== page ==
Wednesday, July 15, 2009

Something new, believe it or not, at the Pyramids: by Bob Fisher

The Solar Boat

On our last visit, we saw a recent excavation — a very large rectangular but empty pit — behind the Great Pyramid. Here in 1954, the dismantled funerary boat of Khufu had been unearthed. Today the re-assembled boat is displayed in a structure of unobtrusive design. You pay an additional fee to enter and are required to wear soft-cloth “booties” over your shoes in the very carefully climate-controlled building. This funerary boat, which would have borne the Pharaoh across the sky into eternity on the same journey as that of the Sun God Ra, is in miraculous condition.

Memphis, Saqqara (the Step Pyramid), and the Red Pyramid

We especially recommend a visit to these three sites. The ruins of Memphis, the ancient capital of “Lower Egypt” or the “Old Kingdom,” are about 20 kilometres south of Cairo, on the west bank of the Nile. Here you will see the remains of the temple of Ptah and of Apis, as well as impressive statuary, including two of Ramesses II, both about four metres high.

Saqqara is nearby and is the site of the famous Step Pyramid, the model for the Great Pyramid of Khufu, and the oldest standing step pyramid. Saqqara is also the necropolis for Memphis, and dating from the Third Dynasty, the Step Pyramid is the eternal resting place for the Pharaoh Djoser. At this vast ancient burial ground, which is located in a relatively remote part of the desert, you get an extraordinary sense of the eternal, which in many ways is what a visit to “The Pyramids” is all about.

At Saqqara we are also very pleased to see that the site has not (yet) become overdeveloped. There is an extraordinary stillness and acoustical beauty here; you hear and feel the continuous desert breezes as you wander undisturbed throughout the site. What is new this time around is a wonderful small museum of Pharaonic treasures and statues; the latter are especially beautiful because of their distinct “personalities.” At Saqqara you can also admire ancient mastabas (impressive flat-topped, rectangular tombs with sloping sides), which in their simple, eloquent way embody the pure geometrical beauty of these Pharaonic treasures of ancient Egypt.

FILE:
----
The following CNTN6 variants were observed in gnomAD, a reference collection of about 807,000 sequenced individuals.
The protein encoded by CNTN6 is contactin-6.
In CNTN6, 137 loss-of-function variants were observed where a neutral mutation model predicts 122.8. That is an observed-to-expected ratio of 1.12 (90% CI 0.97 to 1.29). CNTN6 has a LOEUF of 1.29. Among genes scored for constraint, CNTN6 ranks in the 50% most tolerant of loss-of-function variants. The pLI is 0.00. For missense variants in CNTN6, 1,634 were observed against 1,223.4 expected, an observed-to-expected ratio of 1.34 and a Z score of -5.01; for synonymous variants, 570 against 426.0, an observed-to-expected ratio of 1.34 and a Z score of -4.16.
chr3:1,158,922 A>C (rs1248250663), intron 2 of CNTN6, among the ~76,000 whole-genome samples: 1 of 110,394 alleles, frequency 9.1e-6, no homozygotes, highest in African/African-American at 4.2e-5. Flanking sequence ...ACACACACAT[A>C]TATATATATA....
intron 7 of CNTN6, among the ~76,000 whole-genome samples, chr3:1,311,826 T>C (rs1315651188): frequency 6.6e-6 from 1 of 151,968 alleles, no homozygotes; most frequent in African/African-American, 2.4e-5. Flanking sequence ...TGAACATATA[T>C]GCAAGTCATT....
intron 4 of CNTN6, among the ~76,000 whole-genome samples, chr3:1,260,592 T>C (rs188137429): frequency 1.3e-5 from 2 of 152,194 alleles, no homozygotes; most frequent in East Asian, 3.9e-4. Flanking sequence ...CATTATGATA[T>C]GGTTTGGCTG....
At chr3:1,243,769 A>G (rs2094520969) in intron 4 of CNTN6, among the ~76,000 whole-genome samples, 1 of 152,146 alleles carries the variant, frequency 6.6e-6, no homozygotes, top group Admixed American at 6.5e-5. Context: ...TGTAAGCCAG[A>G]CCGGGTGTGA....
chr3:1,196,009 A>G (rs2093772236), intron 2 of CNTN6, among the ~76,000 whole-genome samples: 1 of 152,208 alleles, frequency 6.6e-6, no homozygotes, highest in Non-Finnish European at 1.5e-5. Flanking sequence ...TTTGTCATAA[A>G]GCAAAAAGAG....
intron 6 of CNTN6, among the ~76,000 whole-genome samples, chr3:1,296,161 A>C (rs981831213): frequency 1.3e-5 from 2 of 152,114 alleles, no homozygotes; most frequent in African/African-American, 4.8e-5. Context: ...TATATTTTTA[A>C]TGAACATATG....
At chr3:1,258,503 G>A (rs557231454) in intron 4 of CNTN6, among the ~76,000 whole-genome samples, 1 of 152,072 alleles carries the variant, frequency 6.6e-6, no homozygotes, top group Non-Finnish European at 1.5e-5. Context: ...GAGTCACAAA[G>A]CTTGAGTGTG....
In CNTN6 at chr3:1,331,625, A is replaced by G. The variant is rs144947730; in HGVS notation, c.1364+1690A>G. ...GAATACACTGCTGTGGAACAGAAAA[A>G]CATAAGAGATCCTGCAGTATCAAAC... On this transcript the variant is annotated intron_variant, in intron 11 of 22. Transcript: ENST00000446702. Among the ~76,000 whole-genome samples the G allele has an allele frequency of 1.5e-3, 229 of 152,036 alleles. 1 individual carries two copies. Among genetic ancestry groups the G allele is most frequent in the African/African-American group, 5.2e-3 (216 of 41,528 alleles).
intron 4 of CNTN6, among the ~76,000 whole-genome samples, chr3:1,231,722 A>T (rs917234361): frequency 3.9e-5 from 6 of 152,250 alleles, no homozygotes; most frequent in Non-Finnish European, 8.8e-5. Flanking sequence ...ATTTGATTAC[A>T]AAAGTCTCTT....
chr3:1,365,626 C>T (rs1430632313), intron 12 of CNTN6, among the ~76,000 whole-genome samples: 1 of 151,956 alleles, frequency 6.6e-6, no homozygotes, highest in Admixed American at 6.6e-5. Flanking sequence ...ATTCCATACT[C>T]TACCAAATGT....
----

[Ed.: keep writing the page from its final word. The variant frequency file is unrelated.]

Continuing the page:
The Red Pyramid is also worth a visit because, like the Step Pyramid, it will give you a clear idea of why all the great pyramids are not identical, and how each has its own particular style, shape, dimension, and appeal. The Red Pyramid has more of a flattened appearance and evokes a great sense of solidity and the weight of these amazing structures, as well as the immense weight of time, which is manifest in them. At the Red Pyramid, you can also now go inside … be entombed … so to speak. I can assure you, because I did it, that this is a remarkable experience, and not just something to dine out on at home. But be forewarned; this is not an experience for claustrophobes. The passageway that leads into the interior of the Red Pyramid is very narrow, has a very low ceiling, is not well lit, is hard going for most of the way (especially coming back), and has the appropriate airlessness of a tomb. However, you get a very real sense of the massive size and weight of a pyramid — from the inside; and of human frailty. You also get an up close look at how a pyramid was built. After descending into the interior of this pyramid, you eventually come to three chambers, each of which has a stepped ceiling, one almost 13-metres high. You will also stand on a spot in one of the chambers, which lies directly beneath the apex of the Red Pyramid itself. I cannot guarantee any kind of mystical experience, but it is a “moment” that you will not soon forget.

On the way back from the Red Pyramid, be sure to stop by the side of road and admire the equally amazing Bent Pyramid which materializes in the distance against the desert sky.

TRAVEL TIP: To the uninitiated, the hawkers at the major sites can be intimidating. You must run the gauntlet of hawkers because they have been given the lucrative exit corridor through which visitors must pass before exiting the site. On the other hand, why not? Considering how contemporary marketplaces elsewhere on the planet bombard us with much more subtle and subliminal commercial messages, I enjoy this direct approach. And bargaining of course is de rigueur. When bargaining however, remember that this is not a competition to see who “wins”; rather it is a traditional practice through which both buyer and seller reach a reasonable agreement that satisfies both.

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About the Author

Bob Fisher is a Canadian travel writer and Editor of the Philosophical Traveller (, the subtitle of this online travel journalism site is “Taking the long way home.” He is also a columnist for E-magazine, the in-flight magazine of UK-based Eastern Airways.

Siggi Hosenfeld is the Editor of Kenya Travel Ideas. Originally lured to Kenya by Robert Redford – well not personally, but we know “Out of Africa” was a key part of the inspiration, Siggi is continually returning to her second home. On 22 July, Siggi will be raving about the food in the wildlife capital so if you fancy a nosh up in Kenya, catch up with her next Wednesday…

Image: Cairo, Giza pyramids, the Sphinx (COPYRIGHT - GARDEL Bertrand/, courtesy of Egyptian State Tourist Office

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